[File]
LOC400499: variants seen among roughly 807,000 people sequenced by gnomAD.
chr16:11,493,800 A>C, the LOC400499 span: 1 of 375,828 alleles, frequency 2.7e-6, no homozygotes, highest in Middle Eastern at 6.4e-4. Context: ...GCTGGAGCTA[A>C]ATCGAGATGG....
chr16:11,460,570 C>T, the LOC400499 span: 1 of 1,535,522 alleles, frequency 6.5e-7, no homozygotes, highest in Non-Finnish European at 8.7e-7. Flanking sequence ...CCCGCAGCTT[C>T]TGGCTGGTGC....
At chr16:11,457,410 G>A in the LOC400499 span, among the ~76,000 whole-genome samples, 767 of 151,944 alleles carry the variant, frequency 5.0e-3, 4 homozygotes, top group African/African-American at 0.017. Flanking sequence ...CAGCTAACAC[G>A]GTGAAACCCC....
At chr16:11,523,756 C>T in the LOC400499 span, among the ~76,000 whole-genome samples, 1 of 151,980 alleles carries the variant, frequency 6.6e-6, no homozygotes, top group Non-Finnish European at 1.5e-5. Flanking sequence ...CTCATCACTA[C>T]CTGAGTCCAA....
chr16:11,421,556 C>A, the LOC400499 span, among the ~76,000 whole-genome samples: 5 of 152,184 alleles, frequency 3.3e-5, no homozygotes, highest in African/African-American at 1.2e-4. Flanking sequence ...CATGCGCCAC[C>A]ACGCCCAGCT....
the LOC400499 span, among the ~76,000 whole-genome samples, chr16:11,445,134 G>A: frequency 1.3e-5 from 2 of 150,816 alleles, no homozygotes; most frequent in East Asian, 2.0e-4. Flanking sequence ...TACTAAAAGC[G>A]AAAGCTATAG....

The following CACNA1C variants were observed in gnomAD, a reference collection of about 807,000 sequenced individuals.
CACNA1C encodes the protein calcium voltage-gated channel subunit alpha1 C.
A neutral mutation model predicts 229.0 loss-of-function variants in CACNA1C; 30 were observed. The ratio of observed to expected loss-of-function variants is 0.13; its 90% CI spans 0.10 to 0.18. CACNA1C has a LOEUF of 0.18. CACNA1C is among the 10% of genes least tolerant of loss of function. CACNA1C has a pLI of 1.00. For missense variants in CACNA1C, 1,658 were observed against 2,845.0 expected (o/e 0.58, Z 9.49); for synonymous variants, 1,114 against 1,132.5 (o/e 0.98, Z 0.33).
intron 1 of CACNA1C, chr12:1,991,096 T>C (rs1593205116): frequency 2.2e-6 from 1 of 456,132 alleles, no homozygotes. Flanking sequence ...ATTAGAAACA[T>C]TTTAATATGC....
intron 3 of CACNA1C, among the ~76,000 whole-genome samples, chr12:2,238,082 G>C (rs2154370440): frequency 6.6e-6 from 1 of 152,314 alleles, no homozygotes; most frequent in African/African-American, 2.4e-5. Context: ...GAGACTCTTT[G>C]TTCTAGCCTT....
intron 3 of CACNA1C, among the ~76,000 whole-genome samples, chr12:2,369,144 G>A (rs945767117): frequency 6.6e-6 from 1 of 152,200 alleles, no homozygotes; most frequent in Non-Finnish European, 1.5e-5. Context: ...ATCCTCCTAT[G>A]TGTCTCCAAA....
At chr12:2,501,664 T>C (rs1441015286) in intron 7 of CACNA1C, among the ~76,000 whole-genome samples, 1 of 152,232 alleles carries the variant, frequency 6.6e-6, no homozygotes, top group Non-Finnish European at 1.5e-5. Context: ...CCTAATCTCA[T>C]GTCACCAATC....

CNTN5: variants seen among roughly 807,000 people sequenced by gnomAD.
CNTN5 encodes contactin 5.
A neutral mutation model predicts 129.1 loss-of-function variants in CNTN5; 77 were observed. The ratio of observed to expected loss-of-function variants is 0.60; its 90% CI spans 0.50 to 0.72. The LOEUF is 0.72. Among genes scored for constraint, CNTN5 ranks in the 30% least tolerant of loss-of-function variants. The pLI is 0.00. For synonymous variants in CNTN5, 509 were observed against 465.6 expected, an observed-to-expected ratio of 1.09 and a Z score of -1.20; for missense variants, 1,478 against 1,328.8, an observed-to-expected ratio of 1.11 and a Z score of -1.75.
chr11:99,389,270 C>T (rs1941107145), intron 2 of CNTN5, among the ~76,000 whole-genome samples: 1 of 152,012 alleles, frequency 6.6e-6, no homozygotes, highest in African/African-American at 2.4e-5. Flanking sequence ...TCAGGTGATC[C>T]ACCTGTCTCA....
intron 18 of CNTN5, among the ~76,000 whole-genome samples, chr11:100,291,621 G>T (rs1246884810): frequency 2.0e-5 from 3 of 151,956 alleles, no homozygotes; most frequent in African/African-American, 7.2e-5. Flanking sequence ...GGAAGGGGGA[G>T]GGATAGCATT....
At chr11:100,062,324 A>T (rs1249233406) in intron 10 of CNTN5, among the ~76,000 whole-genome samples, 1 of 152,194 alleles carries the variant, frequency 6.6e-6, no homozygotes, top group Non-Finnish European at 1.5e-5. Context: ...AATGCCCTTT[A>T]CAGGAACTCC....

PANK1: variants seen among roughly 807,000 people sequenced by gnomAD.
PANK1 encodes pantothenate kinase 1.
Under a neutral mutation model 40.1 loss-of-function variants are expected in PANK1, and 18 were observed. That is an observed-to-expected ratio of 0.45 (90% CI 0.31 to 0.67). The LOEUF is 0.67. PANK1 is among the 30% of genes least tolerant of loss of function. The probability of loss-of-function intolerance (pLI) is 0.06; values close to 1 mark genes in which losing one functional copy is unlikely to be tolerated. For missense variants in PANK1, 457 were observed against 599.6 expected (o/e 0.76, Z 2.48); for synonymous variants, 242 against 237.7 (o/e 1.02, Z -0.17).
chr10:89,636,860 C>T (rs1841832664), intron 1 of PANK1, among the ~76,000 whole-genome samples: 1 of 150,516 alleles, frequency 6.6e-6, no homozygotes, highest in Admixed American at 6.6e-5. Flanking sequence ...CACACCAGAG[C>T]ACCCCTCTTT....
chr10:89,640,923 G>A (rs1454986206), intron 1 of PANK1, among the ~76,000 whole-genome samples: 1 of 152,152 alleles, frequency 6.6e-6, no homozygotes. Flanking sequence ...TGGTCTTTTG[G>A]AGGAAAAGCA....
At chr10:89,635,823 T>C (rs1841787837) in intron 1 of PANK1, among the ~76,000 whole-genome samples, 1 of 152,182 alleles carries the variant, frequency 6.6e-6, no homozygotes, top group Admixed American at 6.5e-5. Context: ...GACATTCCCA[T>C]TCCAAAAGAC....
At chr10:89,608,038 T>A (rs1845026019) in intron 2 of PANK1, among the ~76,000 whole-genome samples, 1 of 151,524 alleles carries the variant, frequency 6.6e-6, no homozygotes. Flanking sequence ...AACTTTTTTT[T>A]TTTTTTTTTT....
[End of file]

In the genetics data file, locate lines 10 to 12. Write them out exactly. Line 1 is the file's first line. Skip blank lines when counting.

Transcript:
A neutral mutation model predicts 229.0 loss-of-function variants in CACNA1C; 30 were observed. The ratio of observed to expected loss-of-function variants is 0.13; its 90% CI spans 0.10 to 0.18. CACNA1C has a LOEUF of 0.18. CACNA1C is among the 10% of genes least tolerant of loss of function. CACNA1C has a pLI of 1.00. For missense variants in CACNA1C, 1,658 were observed against 2,845.0 expected (o/e 0.58, Z 9.49); for synonymous variants, 1,114 against 1,132.5 (o/e 0.98, Z 0.33).
intron 1 of CACNA1C, chr12:1,991,096 T>C (rs1593205116): frequency 2.2e-6 from 1 of 456,132 alleles, no homozygotes. Flanking sequence ...ATTAGAAACA[T>C]TTTAATATGC....
intron 3 of CACNA1C, among the ~76,000 whole-genome samples, chr12:2,238,082 G>C (rs2154370440): frequency 6.6e-6 from 1 of 152,314 alleles, no homozygotes; most frequent in African/African-American, 2.4e-5. Context: ...GAGACTCTTT[G>C]TTCTAGCCTT....